Are There Different Types of Diabetes? It is estimated that more than 20 million adults and children in the United States have some form of diabetes?14 million having been diagnosed with the disease and 6 million being unaware they have it. There are different types of the disease: type 1, type 2, and gestational diabetes, as well as prediabetes. Most Americans (around 90%) who are diagnosed with diabetes have type 2 diabetes.2,3
What Is Periodontal Disease? Periodontal disease, or gum disease, is a bacterial infection of the gums, ligaments, and bone that support your teeth and hold them in the jaw. If left untreated, you may experience tooth loss. The main cause of periodontal disease is bacterial plaque, a sticky, colorless microbial film that constantly forms on your teeth. Toxins (or poisons) produced by the bacteria in plaque irritate the gums, causing infection.4
Diabetes Control and Periodontal Treatment
Periodontal disease may make it more difficult for you to control your blood sugar. Your body's reaction to periodontal disease can increase your blood sugar level. Consequently, it is important for patients with diabetes to treat and eliminate periodontal infection for optimal diabetes control. Periodontal treatment combined with antibiotics has been shown to improve blood sugar levels in patients with diabetes, suggesting that treating periodontal disease could decrease insulin requirements.1
What Are the Warning Signs?
Constant hunger or thirstFrequent urinationBlurred visionConstant fatigueWeight loss without tryingPoor wound healing (cuts or bruises that are slow to heal)Dry mouthItchy, dry skinTingling or numbness in the hands or feetMost people with diabetes do not notice any warning signs
Red and swollen gums that bleed often during brushing or flossing and are tender to the touchGums that have pulled away from the teeth, exposing the rootsMilky white or yellowish plaque deposits, which are usually heaviest between the teethPus between the teeth and gums accompanied by tenderness or swelling in the gum areaA consistent foul, offensive odor from the mouth
IMPORTANT: Physicians and Dentists Need to Work Together
It is important that your dentist be kept up-to-date on your diabetic condition and treatment and that your physician be kept up-to-date on your oral condition and treatment, so that they can work together to help you control your diabetes and prevent or control periodontal disease.1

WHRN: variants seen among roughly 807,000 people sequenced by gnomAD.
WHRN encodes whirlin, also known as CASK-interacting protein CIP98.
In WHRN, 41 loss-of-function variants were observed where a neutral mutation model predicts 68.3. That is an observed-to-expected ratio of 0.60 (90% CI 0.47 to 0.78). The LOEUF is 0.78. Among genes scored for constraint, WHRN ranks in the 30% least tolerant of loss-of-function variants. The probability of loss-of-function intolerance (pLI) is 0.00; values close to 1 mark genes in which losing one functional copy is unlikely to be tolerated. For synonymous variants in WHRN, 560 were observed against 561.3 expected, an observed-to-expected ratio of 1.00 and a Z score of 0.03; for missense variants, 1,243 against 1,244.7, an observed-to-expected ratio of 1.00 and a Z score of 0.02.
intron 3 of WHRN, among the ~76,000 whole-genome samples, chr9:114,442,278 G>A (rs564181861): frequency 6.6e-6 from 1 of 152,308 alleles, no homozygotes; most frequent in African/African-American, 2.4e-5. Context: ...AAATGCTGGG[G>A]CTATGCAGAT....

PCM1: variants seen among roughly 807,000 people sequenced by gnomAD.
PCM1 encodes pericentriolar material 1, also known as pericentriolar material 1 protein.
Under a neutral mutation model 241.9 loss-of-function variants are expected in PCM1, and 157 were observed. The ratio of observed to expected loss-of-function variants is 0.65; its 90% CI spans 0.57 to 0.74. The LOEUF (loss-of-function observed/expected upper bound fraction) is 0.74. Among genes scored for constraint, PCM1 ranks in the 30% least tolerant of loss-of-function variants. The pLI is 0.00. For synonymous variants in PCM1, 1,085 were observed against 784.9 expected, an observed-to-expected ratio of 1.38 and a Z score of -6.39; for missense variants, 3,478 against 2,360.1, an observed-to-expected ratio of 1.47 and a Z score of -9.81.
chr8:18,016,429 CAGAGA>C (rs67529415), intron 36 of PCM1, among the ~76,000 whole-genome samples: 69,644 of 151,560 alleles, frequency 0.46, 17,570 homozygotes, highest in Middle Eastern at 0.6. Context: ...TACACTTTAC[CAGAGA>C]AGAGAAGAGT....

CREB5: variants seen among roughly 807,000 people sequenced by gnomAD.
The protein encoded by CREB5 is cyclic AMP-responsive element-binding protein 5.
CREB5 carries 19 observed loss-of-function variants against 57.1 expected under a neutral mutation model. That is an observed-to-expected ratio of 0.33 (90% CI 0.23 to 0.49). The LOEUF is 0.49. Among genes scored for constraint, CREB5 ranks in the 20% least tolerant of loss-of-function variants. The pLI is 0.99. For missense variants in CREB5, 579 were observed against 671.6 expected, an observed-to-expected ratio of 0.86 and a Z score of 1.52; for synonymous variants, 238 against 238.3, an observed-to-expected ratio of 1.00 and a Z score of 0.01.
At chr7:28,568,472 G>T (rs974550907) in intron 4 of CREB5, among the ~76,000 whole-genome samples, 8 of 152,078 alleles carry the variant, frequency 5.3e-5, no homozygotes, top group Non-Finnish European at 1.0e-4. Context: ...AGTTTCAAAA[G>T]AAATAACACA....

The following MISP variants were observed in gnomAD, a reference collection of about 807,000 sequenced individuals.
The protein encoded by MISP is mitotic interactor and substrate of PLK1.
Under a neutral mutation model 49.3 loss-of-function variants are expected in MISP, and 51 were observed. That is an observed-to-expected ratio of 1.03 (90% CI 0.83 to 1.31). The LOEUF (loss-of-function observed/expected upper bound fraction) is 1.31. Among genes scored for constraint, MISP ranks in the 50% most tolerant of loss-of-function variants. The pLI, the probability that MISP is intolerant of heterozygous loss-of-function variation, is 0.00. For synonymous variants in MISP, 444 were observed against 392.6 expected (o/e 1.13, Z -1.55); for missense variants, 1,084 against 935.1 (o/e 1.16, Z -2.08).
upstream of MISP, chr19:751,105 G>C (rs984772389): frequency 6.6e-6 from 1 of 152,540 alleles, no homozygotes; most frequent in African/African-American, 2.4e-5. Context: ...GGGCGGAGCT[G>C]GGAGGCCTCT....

Keep your dentist up-to-date on your diabetic condition and your physician up-to-date on your oral condition.
If your diabetic condition is well controlled, periodontal treatment would be the same for you as for a patient without diabetes. In early stages, treatment usually involves removing the plaque and calculus from the pockets around your teeth. If the periodontal disease is more severe or if your diabetes is not well controlled, treatment will be more specialized and tailored toward your specific condition. Your dentist may recommend more frequent oral prophylaxes (dental cleanings) involving scaling and root planing or may recommend periodontal surgery.1
Diabetes and Your Mouth
Periodontal disease is not the only problem that can occur if you have diabetes. Although you might not be able to prevent these problems, you can minimize the trouble they cause you5:
Dry mouth: Xerostomia occurs when your salivary glands don't produce sufficient saliva to keep your mouth moist, causing tissues in your mouth to become inflamed and sore. It can make chewing, tasting, and swallowing more difficult, as well as cause difficulty in eating, making it more difficult to control blood sugar.Fungal infection: Candida albicans is a fungus that normally lives inside the mouth without causing any problems. But when you have diabetes, deficient saliva in your mouth and extra sugar in your saliva allow the fungus to cause an infection called candidiasis (thrush), which appears as sore white or red areas in your mouth.Burning mouth syndrome: If you feel severe burning and pain in your mouth even though you don't see any problems causing it, you may have this syndrome.Oral surgery complications:If you need oral surgery, diabetes? particularly if poorly controlled?can complicate oral surgery. Diabetes retards healing and increases risk of infection. Your blood sugar levels also may be harder to control after oral surgery. Your dentist should work closely with your physician to minimize possible complications. If you need oral surgery, the American Diabetes Association recommends that you:
Remind your dentist that you have diabetes and discuss any specific diabetes-related issues.Eat before your dental visit so your blood sugar is within normal range.Take your usual medications. Your dentist should consult with your physician about whether you can adjust your diabetes medications or take an antibiotic to prevent infection before surgery.Plan for your eating needs after surgery. If you're having dental work that may leave your mouth sore, plan to eat soft or liquid foods that will allow you to eat without pain.Wait until your blood sugar is under control. It's best to have surgery when your blood sugar levels are within your goal range. If your dental needs are urgent and your blood sugar is poorly controlled, talk to your dentist and physician about receiving dental treatments in a hospital.